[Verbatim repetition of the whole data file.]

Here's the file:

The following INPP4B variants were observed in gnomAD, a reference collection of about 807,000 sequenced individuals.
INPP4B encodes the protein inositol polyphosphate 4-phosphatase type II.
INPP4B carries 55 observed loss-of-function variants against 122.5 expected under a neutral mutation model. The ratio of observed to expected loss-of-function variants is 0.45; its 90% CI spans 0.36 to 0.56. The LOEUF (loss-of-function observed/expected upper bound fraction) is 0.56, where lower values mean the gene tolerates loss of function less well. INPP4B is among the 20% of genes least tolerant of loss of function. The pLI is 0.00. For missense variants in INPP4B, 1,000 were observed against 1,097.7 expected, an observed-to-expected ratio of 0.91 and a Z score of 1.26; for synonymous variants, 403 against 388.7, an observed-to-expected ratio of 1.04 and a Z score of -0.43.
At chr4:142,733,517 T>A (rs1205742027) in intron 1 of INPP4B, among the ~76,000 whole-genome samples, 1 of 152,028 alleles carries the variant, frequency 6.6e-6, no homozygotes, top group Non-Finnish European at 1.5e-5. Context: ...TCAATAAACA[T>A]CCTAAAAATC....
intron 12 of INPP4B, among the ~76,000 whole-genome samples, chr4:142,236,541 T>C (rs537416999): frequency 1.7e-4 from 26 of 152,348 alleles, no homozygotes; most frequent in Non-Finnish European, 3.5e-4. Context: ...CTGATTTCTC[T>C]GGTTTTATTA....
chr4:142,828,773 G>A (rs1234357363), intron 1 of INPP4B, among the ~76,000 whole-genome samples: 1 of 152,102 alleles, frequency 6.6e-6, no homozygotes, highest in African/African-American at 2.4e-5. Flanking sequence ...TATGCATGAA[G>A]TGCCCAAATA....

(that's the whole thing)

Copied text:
The following INPP4B variants were observed in gnomAD, a reference collection of about 807,000 sequenced individuals.
INPP4B encodes the protein inositol polyphosphate 4-phosphatase type II.
INPP4B carries 55 observed loss-of-function variants against 122.5 expected under a neutral mutation model. The ratio of observed to expected loss-of-function variants is 0.45; its 90% CI spans 0.36 to 0.56. The LOEUF (loss-of-function observed/expected upper bound fraction) is 0.56, where lower values mean the gene tolerates loss of function less well. INPP4B is among the 20% of genes least tolerant of loss of function. The pLI is 0.00. For missense variants in INPP4B, 1,000 were observed against 1,097.7 expected, an observed-to-expected ratio of 0.91 and a Z score of 1.26; for synonymous variants, 403 against 388.7, an observed-to-expected ratio of 1.04 and a Z score of -0.43.
At chr4:142,733,517 T>A (rs1205742027) in intron 1 of INPP4B, among the ~76,000 whole-genome samples, 1 of 152,028 alleles carries the variant, frequency 6.6e-6, no homozygotes, top group Non-Finnish European at 1.5e-5. Context: ...TCAATAAACA[T>A]CCTAAAAATC....
intron 12 of INPP4B, among the ~76,000 whole-genome samples, chr4:142,236,541 T>C (rs537416999): frequency 1.7e-4 from 26 of 152,348 alleles, no homozygotes; most frequent in Non-Finnish European, 3.5e-4. Context: ...CTGATTTCTC[T>C]GGTTTTATTA....
chr4:142,828,773 G>A (rs1234357363), intron 1 of INPP4B, among the ~76,000 whole-genome samples: 1 of 152,102 alleles, frequency 6.6e-6, no homozygotes, highest in African/African-American at 2.4e-5. Flanking sequence ...TATGCATGAA[G>A]TGCCCAAATA....